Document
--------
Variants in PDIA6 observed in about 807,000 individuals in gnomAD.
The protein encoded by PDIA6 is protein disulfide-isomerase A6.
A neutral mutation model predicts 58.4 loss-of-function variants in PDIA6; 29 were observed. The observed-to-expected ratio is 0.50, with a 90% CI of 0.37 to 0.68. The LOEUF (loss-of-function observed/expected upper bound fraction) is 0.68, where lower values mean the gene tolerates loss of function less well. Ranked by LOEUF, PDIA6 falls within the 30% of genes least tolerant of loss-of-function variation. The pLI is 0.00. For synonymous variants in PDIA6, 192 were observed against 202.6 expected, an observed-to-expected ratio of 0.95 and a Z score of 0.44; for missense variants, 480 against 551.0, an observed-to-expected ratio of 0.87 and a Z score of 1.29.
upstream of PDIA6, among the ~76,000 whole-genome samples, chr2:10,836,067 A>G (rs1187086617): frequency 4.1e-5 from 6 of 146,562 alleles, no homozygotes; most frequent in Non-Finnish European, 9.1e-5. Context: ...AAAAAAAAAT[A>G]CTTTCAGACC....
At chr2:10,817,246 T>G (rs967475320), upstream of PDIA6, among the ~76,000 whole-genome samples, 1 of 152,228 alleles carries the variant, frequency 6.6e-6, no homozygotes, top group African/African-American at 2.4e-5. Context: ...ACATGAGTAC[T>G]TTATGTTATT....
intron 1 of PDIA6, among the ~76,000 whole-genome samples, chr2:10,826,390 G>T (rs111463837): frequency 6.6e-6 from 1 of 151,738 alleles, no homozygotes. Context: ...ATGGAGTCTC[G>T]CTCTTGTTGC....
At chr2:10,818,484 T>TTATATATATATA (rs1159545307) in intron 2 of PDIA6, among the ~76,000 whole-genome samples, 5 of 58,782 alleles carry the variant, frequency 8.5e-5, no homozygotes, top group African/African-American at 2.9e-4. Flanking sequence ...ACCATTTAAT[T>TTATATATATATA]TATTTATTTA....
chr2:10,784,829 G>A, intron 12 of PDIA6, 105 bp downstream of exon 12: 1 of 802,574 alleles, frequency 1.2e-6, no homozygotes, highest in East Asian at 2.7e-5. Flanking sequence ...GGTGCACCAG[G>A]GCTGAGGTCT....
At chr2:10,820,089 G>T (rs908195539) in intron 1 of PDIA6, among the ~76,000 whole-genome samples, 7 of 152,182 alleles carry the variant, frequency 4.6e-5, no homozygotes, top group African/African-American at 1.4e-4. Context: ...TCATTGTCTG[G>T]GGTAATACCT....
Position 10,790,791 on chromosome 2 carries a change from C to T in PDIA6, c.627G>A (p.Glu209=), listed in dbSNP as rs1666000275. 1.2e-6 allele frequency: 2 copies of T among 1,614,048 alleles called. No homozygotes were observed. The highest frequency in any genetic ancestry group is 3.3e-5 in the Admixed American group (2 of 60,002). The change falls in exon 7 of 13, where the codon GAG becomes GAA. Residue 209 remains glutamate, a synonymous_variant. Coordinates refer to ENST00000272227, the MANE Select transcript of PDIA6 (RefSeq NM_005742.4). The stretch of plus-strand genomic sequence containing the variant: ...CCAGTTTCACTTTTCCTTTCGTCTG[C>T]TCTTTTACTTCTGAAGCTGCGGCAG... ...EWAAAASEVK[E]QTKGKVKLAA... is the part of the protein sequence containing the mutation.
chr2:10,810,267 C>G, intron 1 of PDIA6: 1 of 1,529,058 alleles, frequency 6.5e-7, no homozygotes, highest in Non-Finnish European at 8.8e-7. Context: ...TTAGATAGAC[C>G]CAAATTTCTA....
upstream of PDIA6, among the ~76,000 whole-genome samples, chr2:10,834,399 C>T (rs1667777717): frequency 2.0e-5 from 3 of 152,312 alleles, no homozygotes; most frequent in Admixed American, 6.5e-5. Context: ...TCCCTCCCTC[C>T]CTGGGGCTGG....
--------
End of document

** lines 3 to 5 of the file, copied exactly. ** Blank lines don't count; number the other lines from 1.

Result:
A neutral mutation model predicts 58.4 loss-of-function variants in PDIA6; 29 were observed. The observed-to-expected ratio is 0.50, with a 90% CI of 0.37 to 0.68. The LOEUF (loss-of-function observed/expected upper bound fraction) is 0.68, where lower values mean the gene tolerates loss of function less well. Ranked by LOEUF, PDIA6 falls within the 30% of genes least tolerant of loss-of-function variation. The pLI is 0.00. For synonymous variants in PDIA6, 192 were observed against 202.6 expected, an observed-to-expected ratio of 0.95 and a Z score of 0.44; for missense variants, 480 against 551.0, an observed-to-expected ratio of 0.87 and a Z score of 1.29.
upstream of PDIA6, among the ~76,000 whole-genome samples, chr2:10,836,067 A>G (rs1187086617): frequency 4.1e-5 from 6 of 146,562 alleles, no homozygotes; most frequent in Non-Finnish European, 9.1e-5. Context: ...AAAAAAAAAT[A>G]CTTTCAGACC....
At chr2:10,817,246 T>G (rs967475320), upstream of PDIA6, among the ~76,000 whole-genome samples, 1 of 152,228 alleles carries the variant, frequency 6.6e-6, no homozygotes, top group African/African-American at 2.4e-5. Context: ...ACATGAGTAC[T>G]TTATGTTATT....